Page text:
Excerpt from "Mary Wilson
(Part Four), taken from Delaware History, Volume
XVIII, 1978-1979, p. 251.
I have always opposed votes for women. It is constitutional
with me. It is not that I feel women cannot vote or are not
the mental equal of our men folks, but I feel that it is
duplicating our work. It is putting an extra burden on the
women and it has weakened materially our power with the
As long as the women of
the state came to the legislators of the state to ask for a reform
in the laws or an improvement in conditions, our legislators knew
we had no ulterior motive and also knew that they could act with a
clear conscience, as there was no return vote by which they might
benefit. The first question now that arises in their minds
is, will she vote for me or will she not? After more than
fifteen years of a tryout, what has been accomplished?
The cheapening of womanhood, giving her a sort of independence by
which she makes it a favor to her husband to attend to her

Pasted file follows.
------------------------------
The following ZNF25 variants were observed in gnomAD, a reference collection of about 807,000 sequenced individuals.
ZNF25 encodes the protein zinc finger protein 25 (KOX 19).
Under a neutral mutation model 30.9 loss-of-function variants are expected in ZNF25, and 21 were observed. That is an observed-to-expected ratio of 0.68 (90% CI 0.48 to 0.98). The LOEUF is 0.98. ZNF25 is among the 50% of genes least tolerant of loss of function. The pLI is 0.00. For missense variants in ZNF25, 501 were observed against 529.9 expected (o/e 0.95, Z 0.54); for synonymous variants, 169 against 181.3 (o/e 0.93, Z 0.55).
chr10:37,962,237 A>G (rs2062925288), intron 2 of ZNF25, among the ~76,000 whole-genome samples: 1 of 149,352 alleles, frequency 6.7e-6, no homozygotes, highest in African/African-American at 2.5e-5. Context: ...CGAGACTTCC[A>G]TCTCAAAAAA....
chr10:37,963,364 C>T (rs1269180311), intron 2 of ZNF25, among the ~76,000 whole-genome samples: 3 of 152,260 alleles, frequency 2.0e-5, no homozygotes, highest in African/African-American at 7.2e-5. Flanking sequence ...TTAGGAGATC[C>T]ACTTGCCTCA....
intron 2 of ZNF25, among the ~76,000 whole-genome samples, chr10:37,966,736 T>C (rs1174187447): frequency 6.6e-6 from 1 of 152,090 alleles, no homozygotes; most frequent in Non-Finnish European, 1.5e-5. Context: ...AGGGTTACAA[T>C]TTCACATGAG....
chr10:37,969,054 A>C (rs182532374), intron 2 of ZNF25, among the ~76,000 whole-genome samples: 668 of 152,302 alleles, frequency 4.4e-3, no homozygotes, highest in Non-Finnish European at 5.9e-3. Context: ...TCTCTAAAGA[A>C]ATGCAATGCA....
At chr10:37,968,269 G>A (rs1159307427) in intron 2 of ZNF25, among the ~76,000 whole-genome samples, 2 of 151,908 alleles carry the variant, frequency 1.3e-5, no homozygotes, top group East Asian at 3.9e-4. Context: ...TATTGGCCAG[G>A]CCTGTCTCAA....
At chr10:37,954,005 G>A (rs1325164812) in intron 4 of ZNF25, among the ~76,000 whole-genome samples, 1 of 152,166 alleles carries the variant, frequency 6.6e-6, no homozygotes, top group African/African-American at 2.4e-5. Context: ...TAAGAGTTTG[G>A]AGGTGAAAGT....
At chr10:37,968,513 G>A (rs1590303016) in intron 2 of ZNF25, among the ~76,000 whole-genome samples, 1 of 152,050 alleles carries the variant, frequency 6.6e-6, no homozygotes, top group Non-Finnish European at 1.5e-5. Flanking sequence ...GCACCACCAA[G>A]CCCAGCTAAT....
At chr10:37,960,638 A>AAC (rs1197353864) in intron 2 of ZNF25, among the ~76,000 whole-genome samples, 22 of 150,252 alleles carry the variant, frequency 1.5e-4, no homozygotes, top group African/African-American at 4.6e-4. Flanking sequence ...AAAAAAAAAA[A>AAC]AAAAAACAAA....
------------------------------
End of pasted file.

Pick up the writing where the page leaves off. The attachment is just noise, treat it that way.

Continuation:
housekeeping and attend to the children; a sort of overbearing
spirit towards the men she meets casually, insinuating that
she is better equipped in many ways then they are.
I say to the women in this country that their first duty is to
keep up their man power. If a woman constantly jeers and
openly refuses to consider her husband's opinions, what is to
become of the family? With women all taking up jobs and
receiving independent salaries for them, naturally they feel equal
if not superior to their husbands. The young woman you see
around in public is personally unattractive; she talks too loud
and makes herself conspicuous; she is immodest on the beach and in
the ballroom; and with her continual loud talking and constant
smoking has lost much of her feminine charm.
Return to Top